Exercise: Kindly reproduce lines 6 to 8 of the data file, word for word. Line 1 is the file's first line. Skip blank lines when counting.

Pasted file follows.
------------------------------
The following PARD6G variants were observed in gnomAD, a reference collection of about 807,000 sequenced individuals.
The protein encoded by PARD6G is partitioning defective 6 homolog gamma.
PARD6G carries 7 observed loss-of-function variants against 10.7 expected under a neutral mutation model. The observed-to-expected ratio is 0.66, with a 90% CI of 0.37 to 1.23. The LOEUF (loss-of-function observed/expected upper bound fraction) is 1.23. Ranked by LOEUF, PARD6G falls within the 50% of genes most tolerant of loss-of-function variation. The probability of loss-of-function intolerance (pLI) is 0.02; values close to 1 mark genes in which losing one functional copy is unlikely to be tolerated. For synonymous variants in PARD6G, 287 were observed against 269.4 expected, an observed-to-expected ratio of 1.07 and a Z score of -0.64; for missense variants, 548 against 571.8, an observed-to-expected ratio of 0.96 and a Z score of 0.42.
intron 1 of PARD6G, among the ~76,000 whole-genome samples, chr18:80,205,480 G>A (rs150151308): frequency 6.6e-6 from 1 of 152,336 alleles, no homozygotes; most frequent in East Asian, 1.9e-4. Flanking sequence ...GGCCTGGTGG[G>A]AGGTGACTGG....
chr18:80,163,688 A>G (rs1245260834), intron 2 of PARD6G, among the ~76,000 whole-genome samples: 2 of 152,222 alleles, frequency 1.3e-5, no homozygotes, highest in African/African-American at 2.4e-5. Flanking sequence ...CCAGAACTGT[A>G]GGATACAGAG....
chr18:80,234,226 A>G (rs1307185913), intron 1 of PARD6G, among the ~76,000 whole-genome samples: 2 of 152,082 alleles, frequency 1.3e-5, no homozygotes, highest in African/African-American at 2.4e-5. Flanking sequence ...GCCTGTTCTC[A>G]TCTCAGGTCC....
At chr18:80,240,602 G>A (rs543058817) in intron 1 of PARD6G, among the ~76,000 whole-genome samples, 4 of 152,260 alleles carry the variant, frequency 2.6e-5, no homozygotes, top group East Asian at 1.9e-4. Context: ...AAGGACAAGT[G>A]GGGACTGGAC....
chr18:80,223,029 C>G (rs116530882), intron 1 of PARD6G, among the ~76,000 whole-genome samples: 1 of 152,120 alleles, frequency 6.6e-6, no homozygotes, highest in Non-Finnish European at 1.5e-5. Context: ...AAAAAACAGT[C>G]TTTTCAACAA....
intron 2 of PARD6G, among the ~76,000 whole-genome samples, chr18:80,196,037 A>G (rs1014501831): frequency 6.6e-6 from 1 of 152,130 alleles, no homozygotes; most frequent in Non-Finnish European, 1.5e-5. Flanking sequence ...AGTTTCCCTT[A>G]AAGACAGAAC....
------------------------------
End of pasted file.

chr18:80,234,226 A>G (rs1307185913), intron 1 of PARD6G, among the ~76,000 whole-genome samples: 2 of 152,082 alleles, frequency 1.3e-5, no homozygotes, highest in African/African-American at 2.4e-5. Flanking sequence ...GCCTGTTCTC[A>G]TCTCAGGTCC....
At chr18:80,240,602 G>A (rs543058817) in intron 1 of PARD6G, among the ~76,000 whole-genome samples, 4 of 152,260 alleles carry the variant, frequency 2.6e-5, no homozygotes, top group East Asian at 1.9e-4. Context: ...AAGGACAAGT[G>A]GGGACTGGAC....
chr18:80,223,029 C>G (rs116530882), intron 1 of PARD6G, among the ~76,000 whole-genome samples: 1 of 152,120 alleles, frequency 6.6e-6, no homozygotes, highest in Non-Finnish European at 1.5e-5. Context: ...AAAAAACAGT[C>G]TTTTCAACAA....